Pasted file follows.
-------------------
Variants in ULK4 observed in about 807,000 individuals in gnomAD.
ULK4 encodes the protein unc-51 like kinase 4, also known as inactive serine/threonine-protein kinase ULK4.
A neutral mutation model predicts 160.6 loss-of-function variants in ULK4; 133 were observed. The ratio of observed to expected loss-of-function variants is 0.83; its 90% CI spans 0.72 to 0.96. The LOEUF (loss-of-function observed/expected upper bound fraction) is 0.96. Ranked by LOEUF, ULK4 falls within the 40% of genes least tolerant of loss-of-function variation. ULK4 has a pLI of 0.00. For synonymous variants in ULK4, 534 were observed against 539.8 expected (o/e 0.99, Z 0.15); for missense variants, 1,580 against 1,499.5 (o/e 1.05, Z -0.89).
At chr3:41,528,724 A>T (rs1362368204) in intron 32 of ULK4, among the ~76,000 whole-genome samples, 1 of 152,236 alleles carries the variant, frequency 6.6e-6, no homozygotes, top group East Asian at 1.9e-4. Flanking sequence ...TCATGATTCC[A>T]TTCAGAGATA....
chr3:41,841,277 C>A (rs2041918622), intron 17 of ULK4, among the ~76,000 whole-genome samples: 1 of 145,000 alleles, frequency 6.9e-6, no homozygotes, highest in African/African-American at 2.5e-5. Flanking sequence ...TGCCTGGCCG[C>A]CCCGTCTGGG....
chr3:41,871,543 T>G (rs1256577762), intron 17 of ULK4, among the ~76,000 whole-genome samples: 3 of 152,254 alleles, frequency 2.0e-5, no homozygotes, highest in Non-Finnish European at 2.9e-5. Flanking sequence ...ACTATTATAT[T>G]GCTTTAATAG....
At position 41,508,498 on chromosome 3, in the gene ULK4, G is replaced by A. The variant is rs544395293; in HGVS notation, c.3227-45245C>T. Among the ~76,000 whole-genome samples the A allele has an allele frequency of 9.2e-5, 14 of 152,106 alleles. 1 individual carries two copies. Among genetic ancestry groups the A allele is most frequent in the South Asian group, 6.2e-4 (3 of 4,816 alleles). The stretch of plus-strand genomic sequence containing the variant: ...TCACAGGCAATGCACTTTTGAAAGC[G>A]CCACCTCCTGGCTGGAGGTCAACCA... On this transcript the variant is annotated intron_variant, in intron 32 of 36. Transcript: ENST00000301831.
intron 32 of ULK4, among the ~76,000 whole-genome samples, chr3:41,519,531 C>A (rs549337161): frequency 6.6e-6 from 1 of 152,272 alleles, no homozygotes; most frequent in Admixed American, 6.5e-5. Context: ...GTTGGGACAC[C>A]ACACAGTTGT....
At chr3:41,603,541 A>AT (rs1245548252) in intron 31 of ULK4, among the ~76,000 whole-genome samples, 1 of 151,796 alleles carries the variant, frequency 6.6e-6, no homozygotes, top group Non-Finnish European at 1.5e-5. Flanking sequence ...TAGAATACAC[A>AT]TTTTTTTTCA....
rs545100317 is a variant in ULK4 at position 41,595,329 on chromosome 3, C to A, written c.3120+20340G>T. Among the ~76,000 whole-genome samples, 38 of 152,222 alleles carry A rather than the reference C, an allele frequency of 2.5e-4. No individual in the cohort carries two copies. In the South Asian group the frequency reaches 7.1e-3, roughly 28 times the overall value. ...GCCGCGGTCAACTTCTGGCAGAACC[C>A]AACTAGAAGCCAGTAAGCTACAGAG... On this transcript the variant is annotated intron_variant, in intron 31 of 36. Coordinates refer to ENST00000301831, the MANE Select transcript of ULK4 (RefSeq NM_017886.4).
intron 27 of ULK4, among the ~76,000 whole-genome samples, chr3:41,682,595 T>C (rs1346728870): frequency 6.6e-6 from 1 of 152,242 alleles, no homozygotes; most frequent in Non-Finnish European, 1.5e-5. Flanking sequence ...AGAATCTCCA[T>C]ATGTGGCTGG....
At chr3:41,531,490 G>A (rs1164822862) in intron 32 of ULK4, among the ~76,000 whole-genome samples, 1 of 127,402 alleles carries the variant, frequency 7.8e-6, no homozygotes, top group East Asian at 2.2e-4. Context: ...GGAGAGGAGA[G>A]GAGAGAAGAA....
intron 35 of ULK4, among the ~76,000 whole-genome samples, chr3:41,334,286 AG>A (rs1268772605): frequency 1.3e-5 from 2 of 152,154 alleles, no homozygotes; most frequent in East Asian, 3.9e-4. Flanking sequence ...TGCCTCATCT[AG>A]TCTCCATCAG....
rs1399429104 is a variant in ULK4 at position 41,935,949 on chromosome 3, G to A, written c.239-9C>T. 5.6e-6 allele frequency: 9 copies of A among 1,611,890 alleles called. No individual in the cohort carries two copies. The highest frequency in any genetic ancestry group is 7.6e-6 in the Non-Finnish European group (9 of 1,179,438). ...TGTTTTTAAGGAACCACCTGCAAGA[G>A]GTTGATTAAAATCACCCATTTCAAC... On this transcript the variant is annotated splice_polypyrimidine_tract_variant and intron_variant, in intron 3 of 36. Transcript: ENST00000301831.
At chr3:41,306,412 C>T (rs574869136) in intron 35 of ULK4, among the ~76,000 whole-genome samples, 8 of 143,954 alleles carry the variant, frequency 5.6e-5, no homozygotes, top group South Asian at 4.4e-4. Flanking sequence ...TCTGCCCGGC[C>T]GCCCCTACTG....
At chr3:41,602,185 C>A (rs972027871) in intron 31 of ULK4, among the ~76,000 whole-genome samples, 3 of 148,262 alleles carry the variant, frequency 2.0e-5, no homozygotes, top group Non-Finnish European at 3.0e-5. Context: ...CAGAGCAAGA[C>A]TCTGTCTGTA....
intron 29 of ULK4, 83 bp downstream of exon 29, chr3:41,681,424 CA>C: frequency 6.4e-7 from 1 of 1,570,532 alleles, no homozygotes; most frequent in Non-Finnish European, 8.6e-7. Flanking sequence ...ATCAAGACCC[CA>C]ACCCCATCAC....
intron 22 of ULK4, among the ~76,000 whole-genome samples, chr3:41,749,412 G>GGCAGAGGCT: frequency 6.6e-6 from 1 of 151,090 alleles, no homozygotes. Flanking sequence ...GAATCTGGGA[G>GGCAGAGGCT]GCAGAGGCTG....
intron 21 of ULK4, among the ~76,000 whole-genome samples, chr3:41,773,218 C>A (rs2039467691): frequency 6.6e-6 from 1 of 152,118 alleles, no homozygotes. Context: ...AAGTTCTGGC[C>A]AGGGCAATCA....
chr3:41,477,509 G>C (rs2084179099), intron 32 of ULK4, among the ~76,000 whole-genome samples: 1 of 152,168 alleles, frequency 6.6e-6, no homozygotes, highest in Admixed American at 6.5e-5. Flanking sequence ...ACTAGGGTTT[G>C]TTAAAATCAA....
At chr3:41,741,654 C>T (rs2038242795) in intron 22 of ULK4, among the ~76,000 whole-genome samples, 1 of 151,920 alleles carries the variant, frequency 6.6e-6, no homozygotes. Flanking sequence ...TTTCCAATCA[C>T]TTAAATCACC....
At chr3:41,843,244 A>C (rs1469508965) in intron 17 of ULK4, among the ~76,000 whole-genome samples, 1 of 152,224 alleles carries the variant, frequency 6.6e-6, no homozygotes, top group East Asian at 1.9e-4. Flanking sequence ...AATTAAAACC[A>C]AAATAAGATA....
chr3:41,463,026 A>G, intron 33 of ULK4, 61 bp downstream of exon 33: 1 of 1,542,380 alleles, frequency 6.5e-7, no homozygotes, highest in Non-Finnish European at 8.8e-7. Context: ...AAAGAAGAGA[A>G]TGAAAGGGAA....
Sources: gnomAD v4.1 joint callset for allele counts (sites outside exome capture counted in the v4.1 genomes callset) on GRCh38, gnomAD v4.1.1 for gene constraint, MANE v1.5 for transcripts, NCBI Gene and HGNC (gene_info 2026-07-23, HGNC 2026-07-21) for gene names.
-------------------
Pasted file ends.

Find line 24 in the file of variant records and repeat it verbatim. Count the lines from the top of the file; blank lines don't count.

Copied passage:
Sources: gnomAD v4.1 joint callset for allele counts (sites outside exome capture counted in the v4.1 genomes callset) on GRCh38, gnomAD v4.1.1 for gene constraint, MANE v1.5 for transcripts, NCBI Gene and HGNC (gene_info 2026-07-23, HGNC 2026-07-21) for gene names.